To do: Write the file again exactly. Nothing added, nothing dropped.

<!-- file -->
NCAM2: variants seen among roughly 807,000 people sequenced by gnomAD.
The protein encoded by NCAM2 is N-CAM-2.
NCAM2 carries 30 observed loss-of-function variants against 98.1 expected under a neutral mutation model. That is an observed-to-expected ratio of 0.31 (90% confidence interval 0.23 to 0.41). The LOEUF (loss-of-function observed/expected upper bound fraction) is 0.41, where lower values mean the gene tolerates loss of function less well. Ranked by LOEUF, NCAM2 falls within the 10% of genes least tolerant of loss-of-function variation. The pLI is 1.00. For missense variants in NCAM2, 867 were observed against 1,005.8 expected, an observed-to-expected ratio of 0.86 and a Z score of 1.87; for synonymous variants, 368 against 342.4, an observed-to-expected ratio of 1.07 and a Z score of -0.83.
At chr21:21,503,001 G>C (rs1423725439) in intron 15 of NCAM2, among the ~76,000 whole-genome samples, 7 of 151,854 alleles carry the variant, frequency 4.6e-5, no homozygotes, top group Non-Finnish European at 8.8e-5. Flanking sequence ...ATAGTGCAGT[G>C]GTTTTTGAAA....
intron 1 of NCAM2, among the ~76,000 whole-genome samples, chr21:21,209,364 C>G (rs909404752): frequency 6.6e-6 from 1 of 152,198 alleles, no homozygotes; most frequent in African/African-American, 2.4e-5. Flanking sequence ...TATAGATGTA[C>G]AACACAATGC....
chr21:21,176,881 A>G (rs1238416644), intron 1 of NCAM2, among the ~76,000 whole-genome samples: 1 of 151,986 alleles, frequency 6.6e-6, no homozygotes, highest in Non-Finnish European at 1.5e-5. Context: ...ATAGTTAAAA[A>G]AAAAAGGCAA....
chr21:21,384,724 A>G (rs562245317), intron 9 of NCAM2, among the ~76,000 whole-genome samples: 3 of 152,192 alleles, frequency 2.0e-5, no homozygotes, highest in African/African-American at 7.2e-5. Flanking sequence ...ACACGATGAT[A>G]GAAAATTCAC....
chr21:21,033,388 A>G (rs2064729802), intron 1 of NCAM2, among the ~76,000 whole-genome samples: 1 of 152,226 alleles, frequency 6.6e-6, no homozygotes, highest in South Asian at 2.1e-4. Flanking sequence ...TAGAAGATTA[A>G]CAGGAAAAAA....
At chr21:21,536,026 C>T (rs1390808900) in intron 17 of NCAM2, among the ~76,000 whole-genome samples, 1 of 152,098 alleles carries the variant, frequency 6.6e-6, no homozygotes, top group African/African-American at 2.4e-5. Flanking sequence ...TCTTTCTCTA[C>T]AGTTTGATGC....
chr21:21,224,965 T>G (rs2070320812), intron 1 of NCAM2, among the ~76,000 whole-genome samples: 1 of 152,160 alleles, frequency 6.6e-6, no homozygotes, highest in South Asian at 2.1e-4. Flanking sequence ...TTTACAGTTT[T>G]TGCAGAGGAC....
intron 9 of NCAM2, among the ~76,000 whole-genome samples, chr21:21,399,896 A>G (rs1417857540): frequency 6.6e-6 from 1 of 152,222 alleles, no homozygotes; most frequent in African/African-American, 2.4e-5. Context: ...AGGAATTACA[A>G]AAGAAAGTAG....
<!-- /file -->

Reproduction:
NCAM2: variants seen among roughly 807,000 people sequenced by gnomAD.
The protein encoded by NCAM2 is N-CAM-2.
NCAM2 carries 30 observed loss-of-function variants against 98.1 expected under a neutral mutation model. That is an observed-to-expected ratio of 0.31 (90% confidence interval 0.23 to 0.41). The LOEUF (loss-of-function observed/expected upper bound fraction) is 0.41, where lower values mean the gene tolerates loss of function less well. Ranked by LOEUF, NCAM2 falls within the 10% of genes least tolerant of loss-of-function variation. The pLI is 1.00. For missense variants in NCAM2, 867 were observed against 1,005.8 expected, an observed-to-expected ratio of 0.86 and a Z score of 1.87; for synonymous variants, 368 against 342.4, an observed-to-expected ratio of 1.07 and a Z score of -0.83.
At chr21:21,503,001 G>C (rs1423725439) in intron 15 of NCAM2, among the ~76,000 whole-genome samples, 7 of 151,854 alleles carry the variant, frequency 4.6e-5, no homozygotes, top group Non-Finnish European at 8.8e-5. Flanking sequence ...ATAGTGCAGT[G>C]GTTTTTGAAA....
intron 1 of NCAM2, among the ~76,000 whole-genome samples, chr21:21,209,364 C>G (rs909404752): frequency 6.6e-6 from 1 of 152,198 alleles, no homozygotes; most frequent in African/African-American, 2.4e-5. Flanking sequence ...TATAGATGTA[C>G]AACACAATGC....
chr21:21,176,881 A>G (rs1238416644), intron 1 of NCAM2, among the ~76,000 whole-genome samples: 1 of 151,986 alleles, frequency 6.6e-6, no homozygotes, highest in Non-Finnish European at 1.5e-5. Context: ...ATAGTTAAAA[A>G]AAAAAGGCAA....
chr21:21,384,724 A>G (rs562245317), intron 9 of NCAM2, among the ~76,000 whole-genome samples: 3 of 152,192 alleles, frequency 2.0e-5, no homozygotes, highest in African/African-American at 7.2e-5. Flanking sequence ...ACACGATGAT[A>G]GAAAATTCAC....
chr21:21,033,388 A>G (rs2064729802), intron 1 of NCAM2, among the ~76,000 whole-genome samples: 1 of 152,226 alleles, frequency 6.6e-6, no homozygotes, highest in South Asian at 2.1e-4. Flanking sequence ...TAGAAGATTA[A>G]CAGGAAAAAA....
At chr21:21,536,026 C>T (rs1390808900) in intron 17 of NCAM2, among the ~76,000 whole-genome samples, 1 of 152,098 alleles carries the variant, frequency 6.6e-6, no homozygotes, top group African/African-American at 2.4e-5. Flanking sequence ...TCTTTCTCTA[C>T]AGTTTGATGC....
chr21:21,224,965 T>G (rs2070320812), intron 1 of NCAM2, among the ~76,000 whole-genome samples: 1 of 152,160 alleles, frequency 6.6e-6, no homozygotes, highest in South Asian at 2.1e-4. Flanking sequence ...TTTACAGTTT[T>G]TGCAGAGGAC....
intron 9 of NCAM2, among the ~76,000 whole-genome samples, chr21:21,399,896 A>G (rs1417857540): frequency 6.6e-6 from 1 of 152,222 alleles, no homozygotes; most frequent in African/African-American, 2.4e-5. Context: ...AGGAATTACA[A>G]AAGAAAGTAG....